Soaring butter prices may see next season’s milk price go beyond $7/kgMS – even as high as the mid sevens.
Registration is now open for the annual Farming for the Future conference, hosted in the region since 2013, to be held at Carterton Events Centre on March 27.
The one-day event will feature presentations from a range of primary industry experts from Martinborough to New Hampshire.
Topics are targeted at farmers and farm industry specialists looking to adapt farming and business practices in a rapidly changing environment.
The conference will include talks from experts on goat dairy and ethical milking, clean water policy and new research into managing agricultural emissions.
Keynote speaker Gary Hirshberg – Farming for the Future’s first overseas presenter – is known in his native USA for taking Stonyfield Farms from start-up to a global leader in organic dairy.
Farming for the Future is the brainchild of the South Wairarapa Biodiversity Group (SWBG) and organised in partnership with the Mangaterere Restoration Society (MRS).
MRS member and soil scientist Esther Dijkstra says the seminar aims to help farmers and farm industry specialists find creative yet practical solutions for their businesses in a time of increased environmental awareness and changing climate.
“We ask our speakers to tailor their presentations so they’re relevant for the local audience,” Dijkstra says.
“We want people to come away feeling energised and ready to try new things to enhance their farming, industry or policy practices. Agriculture is a critical contributor to our economy and our communities, and we need to do all we can to help make sure farming in New Zealand is responsive, resilient and cutting-edge.”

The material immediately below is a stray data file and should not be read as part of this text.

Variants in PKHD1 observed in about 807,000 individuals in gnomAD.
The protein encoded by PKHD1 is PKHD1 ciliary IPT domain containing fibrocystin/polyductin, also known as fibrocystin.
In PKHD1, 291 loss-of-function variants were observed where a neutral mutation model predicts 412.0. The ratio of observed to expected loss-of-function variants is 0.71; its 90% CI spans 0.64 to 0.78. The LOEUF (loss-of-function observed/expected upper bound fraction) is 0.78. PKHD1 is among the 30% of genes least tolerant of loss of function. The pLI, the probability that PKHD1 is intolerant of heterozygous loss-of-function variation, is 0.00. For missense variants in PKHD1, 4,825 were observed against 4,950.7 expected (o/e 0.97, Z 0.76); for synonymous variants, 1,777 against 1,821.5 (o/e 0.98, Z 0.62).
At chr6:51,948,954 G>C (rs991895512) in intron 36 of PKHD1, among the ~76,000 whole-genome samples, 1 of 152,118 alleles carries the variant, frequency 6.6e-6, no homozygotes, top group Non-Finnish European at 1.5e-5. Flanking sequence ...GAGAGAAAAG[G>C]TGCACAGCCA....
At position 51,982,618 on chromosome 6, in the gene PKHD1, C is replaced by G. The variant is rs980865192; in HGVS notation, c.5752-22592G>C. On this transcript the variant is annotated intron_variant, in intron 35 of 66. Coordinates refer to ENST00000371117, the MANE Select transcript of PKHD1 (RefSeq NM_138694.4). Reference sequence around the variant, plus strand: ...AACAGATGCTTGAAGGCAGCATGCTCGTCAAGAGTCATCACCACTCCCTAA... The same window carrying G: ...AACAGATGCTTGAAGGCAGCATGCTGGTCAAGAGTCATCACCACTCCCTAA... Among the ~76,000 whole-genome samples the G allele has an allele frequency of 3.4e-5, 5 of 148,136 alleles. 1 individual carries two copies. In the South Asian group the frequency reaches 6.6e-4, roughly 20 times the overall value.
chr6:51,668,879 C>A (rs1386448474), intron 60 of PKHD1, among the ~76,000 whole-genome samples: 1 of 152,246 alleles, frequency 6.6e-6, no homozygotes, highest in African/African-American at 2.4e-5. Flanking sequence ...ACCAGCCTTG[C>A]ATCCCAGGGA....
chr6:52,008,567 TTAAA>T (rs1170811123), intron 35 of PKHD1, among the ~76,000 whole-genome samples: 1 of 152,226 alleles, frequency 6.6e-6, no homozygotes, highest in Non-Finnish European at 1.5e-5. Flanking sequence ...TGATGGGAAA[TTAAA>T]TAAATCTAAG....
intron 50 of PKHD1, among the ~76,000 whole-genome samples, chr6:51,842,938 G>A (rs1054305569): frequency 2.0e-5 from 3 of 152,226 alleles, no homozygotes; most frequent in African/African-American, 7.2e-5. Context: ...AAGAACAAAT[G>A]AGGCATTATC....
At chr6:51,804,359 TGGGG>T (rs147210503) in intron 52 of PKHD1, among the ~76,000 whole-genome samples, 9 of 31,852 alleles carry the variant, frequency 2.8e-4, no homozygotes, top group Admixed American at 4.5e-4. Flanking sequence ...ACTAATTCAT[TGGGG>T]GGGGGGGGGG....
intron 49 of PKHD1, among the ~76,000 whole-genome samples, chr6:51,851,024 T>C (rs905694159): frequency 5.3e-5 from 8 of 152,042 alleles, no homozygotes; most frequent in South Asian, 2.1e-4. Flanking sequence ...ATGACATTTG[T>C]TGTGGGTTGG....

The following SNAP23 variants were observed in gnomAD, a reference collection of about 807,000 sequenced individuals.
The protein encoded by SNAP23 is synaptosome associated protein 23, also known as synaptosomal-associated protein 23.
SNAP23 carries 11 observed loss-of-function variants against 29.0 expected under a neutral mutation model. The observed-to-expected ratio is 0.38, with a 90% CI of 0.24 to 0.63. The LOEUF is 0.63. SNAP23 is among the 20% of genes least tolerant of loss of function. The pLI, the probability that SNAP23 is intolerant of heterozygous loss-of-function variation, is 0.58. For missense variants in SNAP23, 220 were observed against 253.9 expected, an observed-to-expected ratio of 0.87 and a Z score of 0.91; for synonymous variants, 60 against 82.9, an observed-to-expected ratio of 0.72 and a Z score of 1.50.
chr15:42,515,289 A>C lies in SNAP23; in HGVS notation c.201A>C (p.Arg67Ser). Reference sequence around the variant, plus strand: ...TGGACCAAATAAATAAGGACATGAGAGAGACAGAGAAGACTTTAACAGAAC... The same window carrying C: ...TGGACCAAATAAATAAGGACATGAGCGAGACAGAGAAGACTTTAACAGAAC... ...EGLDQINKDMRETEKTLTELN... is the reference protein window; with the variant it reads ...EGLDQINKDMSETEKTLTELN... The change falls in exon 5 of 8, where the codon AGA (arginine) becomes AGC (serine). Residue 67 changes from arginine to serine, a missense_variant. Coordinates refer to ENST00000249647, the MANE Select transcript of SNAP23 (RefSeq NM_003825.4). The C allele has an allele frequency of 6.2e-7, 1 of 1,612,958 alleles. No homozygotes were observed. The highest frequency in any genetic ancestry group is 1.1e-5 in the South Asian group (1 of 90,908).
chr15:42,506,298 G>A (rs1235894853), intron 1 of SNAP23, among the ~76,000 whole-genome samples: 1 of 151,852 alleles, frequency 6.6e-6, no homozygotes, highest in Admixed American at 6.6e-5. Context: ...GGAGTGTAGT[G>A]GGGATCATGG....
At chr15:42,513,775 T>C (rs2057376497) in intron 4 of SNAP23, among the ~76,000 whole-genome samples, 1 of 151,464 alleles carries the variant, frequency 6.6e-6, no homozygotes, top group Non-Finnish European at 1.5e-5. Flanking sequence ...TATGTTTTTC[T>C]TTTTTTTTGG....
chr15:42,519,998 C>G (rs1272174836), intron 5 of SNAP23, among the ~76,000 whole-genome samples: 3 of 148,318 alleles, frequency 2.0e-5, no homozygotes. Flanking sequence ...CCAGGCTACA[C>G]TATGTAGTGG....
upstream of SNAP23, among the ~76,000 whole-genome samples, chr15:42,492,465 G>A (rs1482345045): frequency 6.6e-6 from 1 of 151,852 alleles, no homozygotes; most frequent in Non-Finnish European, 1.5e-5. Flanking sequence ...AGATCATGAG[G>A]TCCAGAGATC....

This year’s conference will feature five major speakers, with Radio NZ journalist and presenter Susie Ferguson acting as MC.
The New Zealand speakers include clean water policy campaigner Marnie Prickett; Sinead Leahy from the New Zealand Agricultural Greenhouse Gas Research Centre; and Canterbury farmer Glen Herud— known for founding a dairying system that allows bobby calves to remain with their mothers while milking.
The featured Wairarapa presenter will be Martinborough’s Amanda Goodman, co-founder of The Drunken Nanny, an award-winning producer of artisan, gate-to-plate goat’s cheese, kefir and pasteurised milk.
Also new to the Farming for the Future programme will be a speed-presentation segment in which four people give six-minute presentations on issues relating to agriculture.
Dijkstra says the event gives farmers, industry specialists, scientists and policy makers the opportunity to bounce off each other, and share ideas.
“It will be a good networking opportunity - they can meet people outside of their usual circles who can help them come up with local and sustainable solutions.”
Farming for the Future is sponsored by Greater Wellington Regional Council, Morgans Road Nursery, Akura Plant Nursery, Moore Stephens Markhams Wairarapa, CRS Software, Steens Honey, Beef + Lamb New Zealand and BW O’Brien & Co.